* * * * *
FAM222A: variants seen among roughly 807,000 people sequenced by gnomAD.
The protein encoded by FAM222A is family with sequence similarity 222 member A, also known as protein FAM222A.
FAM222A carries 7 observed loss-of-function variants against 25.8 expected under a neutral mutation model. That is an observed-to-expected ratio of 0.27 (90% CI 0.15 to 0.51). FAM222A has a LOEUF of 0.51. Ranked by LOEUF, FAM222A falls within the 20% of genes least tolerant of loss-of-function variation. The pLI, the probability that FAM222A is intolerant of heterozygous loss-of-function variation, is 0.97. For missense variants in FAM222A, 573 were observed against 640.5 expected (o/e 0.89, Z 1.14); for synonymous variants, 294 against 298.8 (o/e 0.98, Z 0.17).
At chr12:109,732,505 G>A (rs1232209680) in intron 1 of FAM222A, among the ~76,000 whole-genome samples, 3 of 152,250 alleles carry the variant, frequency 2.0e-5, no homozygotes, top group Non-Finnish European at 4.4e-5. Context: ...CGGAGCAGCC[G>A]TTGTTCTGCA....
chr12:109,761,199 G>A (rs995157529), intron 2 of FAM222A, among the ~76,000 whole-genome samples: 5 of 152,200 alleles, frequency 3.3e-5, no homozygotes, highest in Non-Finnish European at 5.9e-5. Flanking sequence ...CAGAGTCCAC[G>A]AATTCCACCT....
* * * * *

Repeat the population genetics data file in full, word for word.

FAM222A: variants seen among roughly 807,000 people sequenced by gnomAD.
The protein encoded by FAM222A is family with sequence similarity 222 member A, also known as protein FAM222A.
FAM222A carries 7 observed loss-of-function variants against 25.8 expected under a neutral mutation model. That is an observed-to-expected ratio of 0.27 (90% CI 0.15 to 0.51). FAM222A has a LOEUF of 0.51. Ranked by LOEUF, FAM222A falls within the 20% of genes least tolerant of loss-of-function variation. The pLI, the probability that FAM222A is intolerant of heterozygous loss-of-function variation, is 0.97. For missense variants in FAM222A, 573 were observed against 640.5 expected (o/e 0.89, Z 1.14); for synonymous variants, 294 against 298.8 (o/e 0.98, Z 0.17).
At chr12:109,732,505 G>A (rs1232209680) in intron 1 of FAM222A, among the ~76,000 whole-genome samples, 3 of 152,250 alleles carry the variant, frequency 2.0e-5, no homozygotes, top group Non-Finnish European at 4.4e-5. Context: ...CGGAGCAGCC[G>A]TTGTTCTGCA....
chr12:109,761,199 G>A (rs995157529), intron 2 of FAM222A, among the ~76,000 whole-genome samples: 5 of 152,200 alleles, frequency 3.3e-5, no homozygotes, highest in Non-Finnish European at 5.9e-5. Flanking sequence ...CAGAGTCCAC[G>A]AATTCCACCT....